Goodnight, Sweetheart, Goodnight | Marla Ahlgrimm on Women and Sleep

Marla AhlgrimmSleep is a luxury that eludes many women, says Marla Ahlgrimm. The retired hormone specialist explains that women’s bodies require an average of 20 minutes of additional slumber compared to their male bedmates. But they aren’t getting it and that’s a problem.

According to Marla Ahlgrimm, women lose sleep for many reasons throughout each stage of their lives. During pregnancy, hormones (and a growing midsection) can lead to insomnia. In the first few years after giving birth, women sleep lighter than before, ostensibly as a biological response to having offspring to care for. Hormones make their presence known at night again during menopause. This time, it’s hot flashes that unveil the unrest.

The years between motherhood and menopause aren’t without chemically-caused sleep disturbances. Women often report insomnia as a monthly occurrence, along with their periods, says Marla Ahlgrimm. Additionally, women worry more than men and this general sense of anxiety can cause wakefulness and induce long-lasting poor sleep patterns. Other sleep disruptions include sounds and movements made by a sleeping male partner. Men are statistically nearly 40 pounds heavier and six inches taller than their spouses, their movements are more pronounced throughout the night. Between the bed shaking and a man’s snoring (men snore 10x more than women), many women are unable to experience more than a few hours of deep, restful sleep each night, reports Marla Ahlgrimm.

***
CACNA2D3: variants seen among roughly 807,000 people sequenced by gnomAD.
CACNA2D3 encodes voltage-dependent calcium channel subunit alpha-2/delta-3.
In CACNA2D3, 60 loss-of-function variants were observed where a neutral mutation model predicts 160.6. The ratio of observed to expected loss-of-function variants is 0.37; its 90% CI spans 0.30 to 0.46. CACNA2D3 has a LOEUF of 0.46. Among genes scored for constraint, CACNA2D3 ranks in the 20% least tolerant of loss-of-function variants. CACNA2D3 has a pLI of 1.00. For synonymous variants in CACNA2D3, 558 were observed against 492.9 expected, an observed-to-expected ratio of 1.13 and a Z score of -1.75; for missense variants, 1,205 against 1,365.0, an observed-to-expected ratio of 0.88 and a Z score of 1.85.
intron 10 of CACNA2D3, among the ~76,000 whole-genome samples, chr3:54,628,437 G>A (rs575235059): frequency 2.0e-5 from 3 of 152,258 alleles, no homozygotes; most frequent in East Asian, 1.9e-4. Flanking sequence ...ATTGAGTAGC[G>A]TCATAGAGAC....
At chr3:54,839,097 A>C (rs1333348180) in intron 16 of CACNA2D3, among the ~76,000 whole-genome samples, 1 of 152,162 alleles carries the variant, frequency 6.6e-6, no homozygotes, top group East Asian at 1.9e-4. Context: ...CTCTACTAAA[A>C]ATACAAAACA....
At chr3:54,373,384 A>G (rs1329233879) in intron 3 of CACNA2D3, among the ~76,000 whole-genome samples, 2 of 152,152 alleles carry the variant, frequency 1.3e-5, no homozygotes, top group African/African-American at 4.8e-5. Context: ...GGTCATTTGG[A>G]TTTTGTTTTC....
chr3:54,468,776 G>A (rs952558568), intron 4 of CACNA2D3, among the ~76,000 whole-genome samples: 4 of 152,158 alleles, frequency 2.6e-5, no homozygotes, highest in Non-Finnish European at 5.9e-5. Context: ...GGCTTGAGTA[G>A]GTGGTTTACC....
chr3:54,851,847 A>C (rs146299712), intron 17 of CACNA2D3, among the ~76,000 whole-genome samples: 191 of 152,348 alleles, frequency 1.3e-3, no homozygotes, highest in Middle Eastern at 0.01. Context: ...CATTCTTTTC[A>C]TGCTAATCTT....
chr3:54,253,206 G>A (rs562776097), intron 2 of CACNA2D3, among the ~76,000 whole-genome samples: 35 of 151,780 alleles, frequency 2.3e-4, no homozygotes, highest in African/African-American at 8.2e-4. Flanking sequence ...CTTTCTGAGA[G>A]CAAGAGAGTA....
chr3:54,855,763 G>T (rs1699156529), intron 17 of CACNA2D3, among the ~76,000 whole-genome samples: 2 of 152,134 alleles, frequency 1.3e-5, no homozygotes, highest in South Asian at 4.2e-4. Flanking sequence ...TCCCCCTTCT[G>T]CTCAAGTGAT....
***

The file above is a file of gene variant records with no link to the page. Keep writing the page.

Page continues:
Because sleep is so important, Marla Ahlgrimm suggests that women make an effort during the day to ensure better sleep at night. Sher recommends 30 minutes of vigorous physical activity and abstention from coffee and other stimulants after lunch. When worry is the culprit, women should find an outlet for their fears while the sun is up so their minds can shut down when the lights go out.

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